ANAHEIM, Calif. – Teemu Selanne could have glided into retirement this summer after a remarkably rejuvenated season with the Anaheim Ducks. Instead, the 40-year-old forward is back for another year with a rebuilding club widely expected to miss the playoffs.
Why would Selanne put himself through such troubles? He was a major player in the Ducks’ rise to the NHL’s pinnacle in 2007, and he wants to play a small role in putting this franchise on the way back up.
He also doesn’t think the Ducks are as far away from contention as many experts believe.
“It’s exciting to be with all the young guys who are going to be the leaders of this franchise going forward,” Selanne said. “We’re going to have a really good team here before too long. There’s a lot of talent, and I really wanted to be a part of it.”
Just three years after the Ducks won their only Stanley Cup, the twin foundations of that championship team are out of Orange County. After the departures of defencemen Scott Niedermayer and Chris Pronger, the Ducks are building around their three young world-class talents up front: Ryan Getzlaf, Corey Perry and Bobby Ryan.
Getzlaf will lead the way after his teammates elected him captain last weekend. The 25-year-old centre, who pronounced himself humbled by the responsibility, is eager to see how the Ducks will respond to a full season under new leadership—and without Olympic distractions.
“We’re well aware we’re not a team that’s going to blow people out,” Getzlaf said. “We’re going to have to work and win those one-goal games, those overtime games. Our goaltenders are going to give us a chance to win every night, and it’s up to us to do it.”
Anaheim missed the playoffs last spring for the first time since 2004, done in by a slow start and a tired finish despite having eight Olympians on their 23-man roster. Getzlaf and Perry helped Canada to gold medals in Vancouver, but had little left in the tank when they returned—particularly Getzlaf, who played in just 10 games after the Olympics, shutting it down after March 24 with an injured left knee.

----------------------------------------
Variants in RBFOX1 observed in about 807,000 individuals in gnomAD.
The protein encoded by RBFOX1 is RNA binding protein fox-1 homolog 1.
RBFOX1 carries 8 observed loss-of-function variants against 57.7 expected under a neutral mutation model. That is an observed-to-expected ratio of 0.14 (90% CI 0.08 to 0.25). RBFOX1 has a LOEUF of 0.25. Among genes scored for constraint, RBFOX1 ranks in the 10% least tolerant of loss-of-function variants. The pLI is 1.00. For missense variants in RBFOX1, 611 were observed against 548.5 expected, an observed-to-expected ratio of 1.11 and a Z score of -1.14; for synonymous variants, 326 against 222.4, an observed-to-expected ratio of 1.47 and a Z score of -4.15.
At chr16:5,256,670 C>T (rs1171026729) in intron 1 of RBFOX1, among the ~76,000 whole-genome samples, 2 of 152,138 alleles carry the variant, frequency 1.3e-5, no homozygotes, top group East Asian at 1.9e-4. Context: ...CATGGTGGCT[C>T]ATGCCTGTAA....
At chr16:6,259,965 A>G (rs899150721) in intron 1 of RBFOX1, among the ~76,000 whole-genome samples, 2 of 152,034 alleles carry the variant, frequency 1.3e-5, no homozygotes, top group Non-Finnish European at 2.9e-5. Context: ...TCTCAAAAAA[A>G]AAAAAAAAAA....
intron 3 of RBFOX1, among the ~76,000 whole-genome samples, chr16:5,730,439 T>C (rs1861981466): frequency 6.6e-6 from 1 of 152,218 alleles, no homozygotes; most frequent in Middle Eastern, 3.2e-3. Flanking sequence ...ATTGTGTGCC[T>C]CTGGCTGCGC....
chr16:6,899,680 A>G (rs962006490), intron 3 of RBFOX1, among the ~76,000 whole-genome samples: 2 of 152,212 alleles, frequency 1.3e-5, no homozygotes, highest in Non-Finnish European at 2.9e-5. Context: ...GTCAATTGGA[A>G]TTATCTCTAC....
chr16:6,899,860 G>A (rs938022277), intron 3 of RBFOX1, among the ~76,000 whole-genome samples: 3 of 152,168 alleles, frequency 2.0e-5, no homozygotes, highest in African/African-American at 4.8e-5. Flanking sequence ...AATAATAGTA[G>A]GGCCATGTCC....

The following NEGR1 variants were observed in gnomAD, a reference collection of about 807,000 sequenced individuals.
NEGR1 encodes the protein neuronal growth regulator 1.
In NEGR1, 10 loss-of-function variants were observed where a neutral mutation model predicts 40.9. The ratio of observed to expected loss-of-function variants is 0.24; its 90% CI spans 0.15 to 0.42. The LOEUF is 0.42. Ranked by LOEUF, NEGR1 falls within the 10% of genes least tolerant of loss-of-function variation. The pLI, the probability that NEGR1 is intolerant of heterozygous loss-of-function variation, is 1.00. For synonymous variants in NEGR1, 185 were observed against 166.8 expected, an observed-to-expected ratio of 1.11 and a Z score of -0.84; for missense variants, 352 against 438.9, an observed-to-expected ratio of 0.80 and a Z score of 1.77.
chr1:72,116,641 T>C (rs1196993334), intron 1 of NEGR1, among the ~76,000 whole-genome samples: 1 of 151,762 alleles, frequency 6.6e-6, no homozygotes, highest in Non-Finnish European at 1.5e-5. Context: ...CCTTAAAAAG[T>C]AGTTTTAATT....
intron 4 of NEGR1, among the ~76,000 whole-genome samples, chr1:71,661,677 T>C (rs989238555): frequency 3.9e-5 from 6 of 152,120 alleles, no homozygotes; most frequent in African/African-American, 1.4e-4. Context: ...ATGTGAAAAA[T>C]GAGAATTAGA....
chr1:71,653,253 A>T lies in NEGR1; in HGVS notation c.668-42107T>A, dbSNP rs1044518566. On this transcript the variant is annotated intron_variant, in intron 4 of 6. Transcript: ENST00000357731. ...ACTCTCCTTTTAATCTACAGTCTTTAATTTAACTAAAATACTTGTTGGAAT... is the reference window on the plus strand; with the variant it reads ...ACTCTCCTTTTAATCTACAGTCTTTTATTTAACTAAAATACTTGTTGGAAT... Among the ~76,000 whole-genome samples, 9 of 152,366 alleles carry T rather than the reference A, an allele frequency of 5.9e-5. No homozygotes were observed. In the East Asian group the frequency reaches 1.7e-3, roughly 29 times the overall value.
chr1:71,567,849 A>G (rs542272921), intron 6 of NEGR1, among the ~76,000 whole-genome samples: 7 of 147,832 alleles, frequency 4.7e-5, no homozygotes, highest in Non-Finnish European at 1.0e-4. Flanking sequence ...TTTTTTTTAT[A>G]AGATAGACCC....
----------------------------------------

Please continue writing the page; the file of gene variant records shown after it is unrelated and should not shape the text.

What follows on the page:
“We really want to have a good start to the season, because we didn’t do it last year,” veteran centre Saku Koivu said. “That makes a big difference in how you approach everything else.”
To do it, the Ducks’ longtime identity as a defence-dominated, physical team inevitably must change in the absence of Pronger, Niedermayer and Francois Beauchemin. Anaheim’s new defence is a hodgepodge of veterans (Lubomir Visnovsky, injured Toni Lydman) and untested youngsters (18-year-old Cam Fowler), with Sheldon Brookbank the only blueliner remaining from last season’s opener.
The most intriguing defenceman is Fowler, the 12th overall pick in last June’s draft. He impressed Anaheim’s coaches, and models himself on Niedermayer—but he’s bound to endure growing pains if the Ducks elect to keep him beyond the nine-game tryout window before players are required to return to their junior teams.
“It amazes me, year after year, how much younger the guys are,” said Selanne, who scored 73 goals for the Winnipeg Jets as a 22-year-old in 1993. “I don’t think I would have been ready at 18 to come in here and do that, but it happens all the time now. We’re going to need everybody’s help to win this season, no matter what age.”
The Ducks weren’t very good on defence last year, and goalie Jonas Hiller is likely to be among the hardest-working men in hockey again this season—he faced 43 shots in Anaheim’s pre-season finale last Sunday. The Swiss goalie appears to be up for the task in the first year of his US$18-million contract extension.
“It helps to have the whole team together for the whole year, but there’s definitely got to be some improvement,” Hiller said. “We’re not close to where we want to be. It’s close, but we still have some work to do.”
If the Ducks can score in bunches, their shortcomings on defence won’t be so glaring. Getzlaf and Perry remain one of the NHL’s most potent combos—and they’re even better when teamed with Ryan, although coach Randy Carlyle tried the American left wing at centre during the pre-season. Selanne and Koivu haven’t slowed down much in the later phase of their careers, while youngsters Dan Sexton and Matt Beleskey must mature quickly to help out.
Anaheim realizes its challenges in a Pacific Division stacked with San Jose, Los Angeles and Phoenix, but Getzlaf believes his young team has the pieces to return to the playoffs immediately. It’s just a matter of putting those pieces together.
“Nobody in this room doubts we can do it,” Getzlaf said. “But we’ve got to do it every night.”